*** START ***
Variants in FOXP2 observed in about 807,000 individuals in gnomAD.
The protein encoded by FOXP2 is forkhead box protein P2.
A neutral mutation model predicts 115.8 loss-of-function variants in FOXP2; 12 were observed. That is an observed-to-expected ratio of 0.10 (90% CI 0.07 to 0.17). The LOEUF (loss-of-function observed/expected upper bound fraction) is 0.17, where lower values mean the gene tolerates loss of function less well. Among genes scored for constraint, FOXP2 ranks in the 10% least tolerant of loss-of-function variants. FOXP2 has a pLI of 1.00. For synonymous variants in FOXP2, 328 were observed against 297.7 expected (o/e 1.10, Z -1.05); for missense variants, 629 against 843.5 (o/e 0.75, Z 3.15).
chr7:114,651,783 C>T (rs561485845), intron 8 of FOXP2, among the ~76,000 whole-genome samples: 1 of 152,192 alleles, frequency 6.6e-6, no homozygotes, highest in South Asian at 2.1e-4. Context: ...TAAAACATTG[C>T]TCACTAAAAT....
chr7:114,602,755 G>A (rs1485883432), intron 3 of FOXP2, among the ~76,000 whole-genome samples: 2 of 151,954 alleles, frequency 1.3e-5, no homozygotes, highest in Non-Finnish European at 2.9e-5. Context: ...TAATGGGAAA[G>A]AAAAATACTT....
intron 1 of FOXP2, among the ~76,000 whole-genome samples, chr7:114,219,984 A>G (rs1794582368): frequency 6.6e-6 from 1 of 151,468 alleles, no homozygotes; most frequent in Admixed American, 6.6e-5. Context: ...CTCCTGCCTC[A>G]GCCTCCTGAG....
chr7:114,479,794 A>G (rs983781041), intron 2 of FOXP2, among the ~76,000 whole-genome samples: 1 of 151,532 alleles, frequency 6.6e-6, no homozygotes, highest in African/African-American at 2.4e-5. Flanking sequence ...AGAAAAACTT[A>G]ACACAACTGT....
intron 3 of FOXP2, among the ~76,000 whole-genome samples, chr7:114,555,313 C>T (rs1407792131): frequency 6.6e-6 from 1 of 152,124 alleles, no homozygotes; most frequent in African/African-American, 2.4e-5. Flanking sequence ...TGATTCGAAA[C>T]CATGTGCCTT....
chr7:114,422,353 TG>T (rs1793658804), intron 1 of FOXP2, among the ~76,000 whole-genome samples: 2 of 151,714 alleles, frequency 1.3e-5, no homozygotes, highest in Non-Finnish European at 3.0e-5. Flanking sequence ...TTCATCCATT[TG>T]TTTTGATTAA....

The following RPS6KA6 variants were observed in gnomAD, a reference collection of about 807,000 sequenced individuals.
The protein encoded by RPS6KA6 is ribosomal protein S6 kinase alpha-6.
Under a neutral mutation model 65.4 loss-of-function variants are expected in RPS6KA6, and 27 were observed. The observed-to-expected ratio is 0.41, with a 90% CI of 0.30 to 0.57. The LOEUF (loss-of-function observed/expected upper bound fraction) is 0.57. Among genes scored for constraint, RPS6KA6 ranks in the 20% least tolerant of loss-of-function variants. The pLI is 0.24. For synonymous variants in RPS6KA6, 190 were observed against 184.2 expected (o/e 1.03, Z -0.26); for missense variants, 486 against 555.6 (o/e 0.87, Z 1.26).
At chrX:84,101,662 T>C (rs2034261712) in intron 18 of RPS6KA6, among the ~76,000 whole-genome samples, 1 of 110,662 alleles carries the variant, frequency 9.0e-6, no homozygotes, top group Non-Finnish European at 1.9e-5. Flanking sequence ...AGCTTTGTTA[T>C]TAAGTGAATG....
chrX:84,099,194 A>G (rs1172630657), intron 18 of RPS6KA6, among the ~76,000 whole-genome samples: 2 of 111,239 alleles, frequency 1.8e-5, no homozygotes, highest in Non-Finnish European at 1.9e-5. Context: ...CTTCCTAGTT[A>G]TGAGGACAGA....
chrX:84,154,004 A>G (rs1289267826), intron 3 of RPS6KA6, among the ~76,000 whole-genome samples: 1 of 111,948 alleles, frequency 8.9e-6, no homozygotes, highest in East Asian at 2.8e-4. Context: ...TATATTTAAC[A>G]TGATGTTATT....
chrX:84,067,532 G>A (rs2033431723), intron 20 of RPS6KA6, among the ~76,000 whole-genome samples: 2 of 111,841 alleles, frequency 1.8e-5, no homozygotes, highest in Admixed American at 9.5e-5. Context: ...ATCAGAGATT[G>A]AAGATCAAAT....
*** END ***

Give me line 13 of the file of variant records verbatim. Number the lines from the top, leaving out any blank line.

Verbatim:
At chrX:84,101,662 T>C (rs2034261712) in intron 18 of RPS6KA6, among the ~76,000 whole-genome samples, 1 of 110,662 alleles carries the variant, frequency 9.0e-6, no homozygotes, top group Non-Finnish European at 1.9e-5. Flanking sequence ...AGCTTTGTTA[T>C]TAAGTGAATG....